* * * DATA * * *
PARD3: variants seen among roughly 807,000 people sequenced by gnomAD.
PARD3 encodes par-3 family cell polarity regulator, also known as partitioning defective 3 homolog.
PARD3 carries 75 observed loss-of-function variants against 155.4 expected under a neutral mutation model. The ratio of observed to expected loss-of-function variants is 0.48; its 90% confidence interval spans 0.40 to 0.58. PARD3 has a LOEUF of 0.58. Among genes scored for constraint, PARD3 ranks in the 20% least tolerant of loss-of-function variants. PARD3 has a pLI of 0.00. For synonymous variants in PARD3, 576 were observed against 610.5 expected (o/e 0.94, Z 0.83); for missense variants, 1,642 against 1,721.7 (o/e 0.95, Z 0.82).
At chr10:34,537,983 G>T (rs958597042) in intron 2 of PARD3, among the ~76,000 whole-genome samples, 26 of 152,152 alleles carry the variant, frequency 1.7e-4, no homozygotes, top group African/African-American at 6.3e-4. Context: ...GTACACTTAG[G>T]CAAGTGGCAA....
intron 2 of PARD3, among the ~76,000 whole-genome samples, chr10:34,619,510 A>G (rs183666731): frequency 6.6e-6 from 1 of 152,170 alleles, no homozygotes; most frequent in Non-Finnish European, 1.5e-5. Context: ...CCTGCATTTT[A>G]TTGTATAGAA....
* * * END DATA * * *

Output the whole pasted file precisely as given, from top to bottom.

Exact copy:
PARD3: variants seen among roughly 807,000 people sequenced by gnomAD.
PARD3 encodes par-3 family cell polarity regulator, also known as partitioning defective 3 homolog.
PARD3 carries 75 observed loss-of-function variants against 155.4 expected under a neutral mutation model. The ratio of observed to expected loss-of-function variants is 0.48; its 90% confidence interval spans 0.40 to 0.58. PARD3 has a LOEUF of 0.58. Among genes scored for constraint, PARD3 ranks in the 20% least tolerant of loss-of-function variants. PARD3 has a pLI of 0.00. For synonymous variants in PARD3, 576 were observed against 610.5 expected (o/e 0.94, Z 0.83); for missense variants, 1,642 against 1,721.7 (o/e 0.95, Z 0.82).
At chr10:34,537,983 G>T (rs958597042) in intron 2 of PARD3, among the ~76,000 whole-genome samples, 26 of 152,152 alleles carry the variant, frequency 1.7e-4, no homozygotes, top group African/African-American at 6.3e-4. Context: ...GTACACTTAG[G>T]CAAGTGGCAA....
intron 2 of PARD3, among the ~76,000 whole-genome samples, chr10:34,619,510 A>G (rs183666731): frequency 6.6e-6 from 1 of 152,170 alleles, no homozygotes; most frequent in Non-Finnish European, 1.5e-5. Context: ...CCTGCATTTT[A>G]TTGTATAGAA....